Originally published on December 6, 2015
Sara Groves, Floodplain (Sponge Records, 2015)
Four years ago, on a cold November night, my wife and I arrived late to a concert by the Madison Chamber Choir, under the direction of Anthony Cao. Fortunately, we found some unclaimed space in the organ loft and were able to hear the concert. Toward the end of the evening, I had an encounter with the Platonic triad, beauty, truth and goodness, via the choir's rendition of "Fly." Looking to my program, I learned that I had just heard Susan LaBarr's arrangement of a Sara Groves song.
Listening to that arrangement is like going to a "thin place" where one becomes aware of God's immanence, and one finds strength and healing. In Floodplain, Sara Groves lays bear her struggles and weaknesses, stating that the title song is "first a metaphor for my journey with anxiety and depression." In a video, "Girl in the World: Floodplain,"* she elaborates: "Some people their heart is built on the floodplain and the water does rise once or twice a year. The floodplain is to me also a very positive and beautiful image, it is so green…"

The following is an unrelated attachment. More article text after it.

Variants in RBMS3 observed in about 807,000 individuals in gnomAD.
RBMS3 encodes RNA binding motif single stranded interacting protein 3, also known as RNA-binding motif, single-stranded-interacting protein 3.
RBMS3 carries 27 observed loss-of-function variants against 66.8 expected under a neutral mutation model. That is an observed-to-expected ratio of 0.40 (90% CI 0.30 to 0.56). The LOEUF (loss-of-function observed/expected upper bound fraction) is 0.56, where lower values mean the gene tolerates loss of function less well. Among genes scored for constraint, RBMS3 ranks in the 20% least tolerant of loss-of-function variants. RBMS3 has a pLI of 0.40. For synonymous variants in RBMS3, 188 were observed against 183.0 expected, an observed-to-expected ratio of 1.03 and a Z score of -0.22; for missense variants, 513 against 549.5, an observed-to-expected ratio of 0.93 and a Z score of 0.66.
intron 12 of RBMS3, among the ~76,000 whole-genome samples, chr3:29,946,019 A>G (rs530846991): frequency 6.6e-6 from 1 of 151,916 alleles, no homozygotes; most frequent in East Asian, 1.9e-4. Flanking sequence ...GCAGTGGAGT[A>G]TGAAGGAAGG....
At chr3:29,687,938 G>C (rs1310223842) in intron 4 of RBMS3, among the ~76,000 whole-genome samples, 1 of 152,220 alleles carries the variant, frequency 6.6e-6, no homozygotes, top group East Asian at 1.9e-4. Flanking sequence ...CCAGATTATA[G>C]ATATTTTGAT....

Floodplain has its lush green moments, for example, "I Feel the Love Between Us" and "Signal." The water rises in "Second Guess Girl," and "I've Been Here Before." One does not need to be on a journey of depression and anxiety to relate to these songs, but anyone who is or has been will know the territory all too well. With "In My Dream" we are on holy ground, with one whom the floodwaters cannot claim. It is a song of wholeness and healing, enough to make us believe — in the words of another song — that we "might even fly."